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Re: Rick's comments on the Defend Option

Hi all,

In basic (microgame) Melee, the rule does not state double/triple damage is possible for defending, but it does mention dropping/breaking weapons:

To hit a dodging or defending figure, you must make you To Hit Roll on four dice, instead of three dice. Four and five are automatic hits. Twenty and above are automatic misses. Twenty-one and 22 are dropped weapon; and 23 and 24 are broken weapon.


On Mon, Jan 29, 2018 at 10:07 PM, Rick Smith <rick_ww@lightspeed.ca> wrote:
Hi Matt, everyone.
  When you defend, you can not roll a 3 on 4 dice so triple damage
can not happen.  The chance of rolling a 4 on 4 dice is basically 
zero (0.08%) so it can not happen.  So defacto, the rules take double 
and triple hits off the table.

  One thing I am thinking of is to use the regular rules for Defend and
Aim, and the extra 1/3 miss rules in Defend and Edge Away.  This 
makes defending and edging an all out defence.  You give ground, 
and are not looking for places to attack, which makes you extra hard
to hit.


On 2018-01-29, at 5:35 PM, Matt Fraser wrote:

I'm OK with the 1/3.  Less than that and it's not much of a difference from the current chances.  

How about when defending, "special hits" (i.e., triple, double and criticals) are either downgraded (triples become doubles, etc.), or completely eliminated?

On Mon, Jan 29, 2018 at 4:48 PM, dan nicholson <kootenayvalleydan@yahoo.ca> wrote:
Hi Rick:

I'm thinking that instead of making rolls that are divisible by three, why not make it rolls divisible by four, or even five?

That would reduce the odds for the defender, but would still give people an incentive to defend against high-DX opponents.


On Monday, January 29, 2018, 4:09:41 PM PST, Edward Kroeten <ekroeten@farmersagent.com> wrote:

This would seem playable, and would balance out against high attribute characters.  It will make battles take longer, but I was okay with that.

   Edward Kroeten
7100 Stevenson Blvd Ste 105
Fremont, CA 94538-2485
License # 0E82876
510-646-1500 (Office)
510-579-0135 (Mobile)

------ Original Message ------
Received: 02:01 PM PST, 01/29/2018
From: Rick Smith <rick_ww@lightspeed.ca>
To: tft@brainiac.com
Cc: Matt Fraser <mathesonfraser@gmail.com>, CJ <chrjames@gmail.com>, Alec Morrison <alphaalec@gmail.com>, dan nicholson <kootenayvalleydan@yahoo.ca>, Jayson Webster <jayson_webster27@hotmail.com>, "gosel@tutanota.com>" <gosel@tutanota.com>, Steve Reinhardt <cpassport@mail.com>
Subject: Rick's comments on the Defend Option

Hi everyone.
I have argued before against any sort of parry as a free action. But what about the Defend option? I feel it is not powerful enough.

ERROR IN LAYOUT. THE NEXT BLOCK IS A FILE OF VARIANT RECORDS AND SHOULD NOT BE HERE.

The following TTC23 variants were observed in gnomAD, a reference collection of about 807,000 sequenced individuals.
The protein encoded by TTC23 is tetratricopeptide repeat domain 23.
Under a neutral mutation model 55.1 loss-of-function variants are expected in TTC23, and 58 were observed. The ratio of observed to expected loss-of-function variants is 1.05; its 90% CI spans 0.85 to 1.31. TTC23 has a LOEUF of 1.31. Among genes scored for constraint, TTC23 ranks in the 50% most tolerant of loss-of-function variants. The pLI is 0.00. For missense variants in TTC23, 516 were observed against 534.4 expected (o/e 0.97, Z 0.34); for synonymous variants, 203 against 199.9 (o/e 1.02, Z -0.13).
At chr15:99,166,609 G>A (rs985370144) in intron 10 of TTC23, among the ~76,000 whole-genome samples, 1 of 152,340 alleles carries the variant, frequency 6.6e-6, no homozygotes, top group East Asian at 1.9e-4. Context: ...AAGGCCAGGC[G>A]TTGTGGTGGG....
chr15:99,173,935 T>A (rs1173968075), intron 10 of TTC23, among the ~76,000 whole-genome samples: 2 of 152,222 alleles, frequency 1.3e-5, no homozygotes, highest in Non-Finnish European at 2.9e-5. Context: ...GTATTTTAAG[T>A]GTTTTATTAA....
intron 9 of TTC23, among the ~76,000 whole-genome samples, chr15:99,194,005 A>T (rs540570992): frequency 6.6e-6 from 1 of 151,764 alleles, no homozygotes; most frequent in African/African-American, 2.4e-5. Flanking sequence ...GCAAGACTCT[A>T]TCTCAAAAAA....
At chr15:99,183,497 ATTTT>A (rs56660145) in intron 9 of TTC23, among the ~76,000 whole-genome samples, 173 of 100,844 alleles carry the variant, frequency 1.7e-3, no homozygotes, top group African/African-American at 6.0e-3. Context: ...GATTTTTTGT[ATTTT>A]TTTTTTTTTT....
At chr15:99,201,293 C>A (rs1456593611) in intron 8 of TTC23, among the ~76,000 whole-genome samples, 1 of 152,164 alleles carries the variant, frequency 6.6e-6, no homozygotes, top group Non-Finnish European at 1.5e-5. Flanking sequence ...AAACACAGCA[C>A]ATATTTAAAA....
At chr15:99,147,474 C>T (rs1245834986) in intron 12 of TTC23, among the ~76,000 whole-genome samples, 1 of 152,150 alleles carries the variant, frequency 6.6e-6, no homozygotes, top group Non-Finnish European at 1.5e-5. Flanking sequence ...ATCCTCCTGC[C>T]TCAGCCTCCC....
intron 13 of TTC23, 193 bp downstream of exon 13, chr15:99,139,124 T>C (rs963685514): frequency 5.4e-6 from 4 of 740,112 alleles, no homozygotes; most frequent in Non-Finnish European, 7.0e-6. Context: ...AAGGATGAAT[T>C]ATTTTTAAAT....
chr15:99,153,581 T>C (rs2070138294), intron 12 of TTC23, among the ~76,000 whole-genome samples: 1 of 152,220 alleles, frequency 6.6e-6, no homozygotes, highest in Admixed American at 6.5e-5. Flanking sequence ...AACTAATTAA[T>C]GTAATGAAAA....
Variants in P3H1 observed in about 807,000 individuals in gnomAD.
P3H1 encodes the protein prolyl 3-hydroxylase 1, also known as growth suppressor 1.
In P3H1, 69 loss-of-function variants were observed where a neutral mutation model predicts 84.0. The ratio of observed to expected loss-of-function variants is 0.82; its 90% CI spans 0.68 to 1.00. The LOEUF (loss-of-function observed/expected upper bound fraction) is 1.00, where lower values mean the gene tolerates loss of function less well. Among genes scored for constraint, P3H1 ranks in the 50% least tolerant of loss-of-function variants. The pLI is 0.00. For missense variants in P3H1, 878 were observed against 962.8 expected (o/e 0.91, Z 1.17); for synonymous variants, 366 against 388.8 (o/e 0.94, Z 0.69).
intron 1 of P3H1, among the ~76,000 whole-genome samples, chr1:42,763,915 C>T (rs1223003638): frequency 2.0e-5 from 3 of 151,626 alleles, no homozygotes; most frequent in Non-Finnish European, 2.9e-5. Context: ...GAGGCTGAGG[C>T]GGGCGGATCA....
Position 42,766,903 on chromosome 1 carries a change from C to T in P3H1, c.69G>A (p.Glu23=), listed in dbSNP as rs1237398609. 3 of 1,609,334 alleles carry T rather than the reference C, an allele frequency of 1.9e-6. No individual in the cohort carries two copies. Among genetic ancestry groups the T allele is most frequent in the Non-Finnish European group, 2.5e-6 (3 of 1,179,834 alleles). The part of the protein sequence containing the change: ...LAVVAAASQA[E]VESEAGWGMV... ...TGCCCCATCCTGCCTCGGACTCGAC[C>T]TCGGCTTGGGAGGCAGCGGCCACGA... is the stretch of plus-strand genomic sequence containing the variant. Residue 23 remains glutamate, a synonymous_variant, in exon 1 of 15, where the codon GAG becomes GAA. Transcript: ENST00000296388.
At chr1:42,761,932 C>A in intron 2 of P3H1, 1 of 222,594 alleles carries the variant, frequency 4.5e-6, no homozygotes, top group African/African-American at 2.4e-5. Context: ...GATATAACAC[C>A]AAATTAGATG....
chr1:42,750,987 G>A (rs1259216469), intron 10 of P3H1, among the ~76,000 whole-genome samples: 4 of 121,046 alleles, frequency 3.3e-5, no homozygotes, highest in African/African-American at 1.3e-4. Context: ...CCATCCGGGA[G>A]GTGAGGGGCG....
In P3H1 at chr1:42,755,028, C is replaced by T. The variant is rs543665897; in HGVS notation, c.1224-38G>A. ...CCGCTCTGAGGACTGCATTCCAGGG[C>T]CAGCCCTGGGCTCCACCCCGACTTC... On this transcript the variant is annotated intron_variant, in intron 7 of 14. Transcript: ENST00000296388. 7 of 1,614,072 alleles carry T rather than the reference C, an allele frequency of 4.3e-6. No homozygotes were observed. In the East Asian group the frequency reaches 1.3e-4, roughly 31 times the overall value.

Against characters with low to moderate attributes it is fine. But when you are fighting against experienced figures it is a waste of time.

Some people argue that DX above 16 to 18 are useless. However, in my campaign, people are often fighting at DX negatives, so higher DX is useful. (You are hitting someone with a height advantage and they have a Haze ring for a total of -4 adj DX on your roll. If you change facing you are at an extra -2 DX for rough ground, etc.)

So experienced characters do not think that DX 16 is a stopping point.

But let us look at a Selina, a DX 16 figure. You are in a fight with her and need to buy a few turns so your friends can help you. If you defend, she has a 76.08% chance of hitting you. Usually it is better to just take the hit and strike back.

My first crack at improving the Defend option was to allow you to "Defend And Aim". Each turn defending (up to two turns) gave you a +1 DX when you eventually tried to hit the opponent. (If you were defending against several opponents, you got the +1 DX against whichever you decided to eventually hit.)

I also allowed "Defend And Edge Away". If you took this option twice, you got a free 1 hex retreat at the end of two turns, after all second shot missiles and other retreats. 

These improved defend options helped but they still were not enough vs. Selina and other high DX figures. I was thinking that when you defend, and the opponent hits you with a total that is evenly divisible by 3, then they auto-miss. 

(On 4d6 this would result in an automatic 33.33% chance of a miss, rounded off to two digits.)

So against weak opponents a Defend is a great option, that vastly reduces your chance of being hit. Against strong opponents, you get at least a 33% chance of blocking their blows.


I've used the two options: "Defend And Aim" and "Defend And Edge Away" for a long time and quite like them. The idea of 1/3 of the time is an auto-miss, is new and I've not playtested it. It is an extra rule designed to help reign in the problem with attribute bloat. 

I welcome comments!

Warm regards, Rick.

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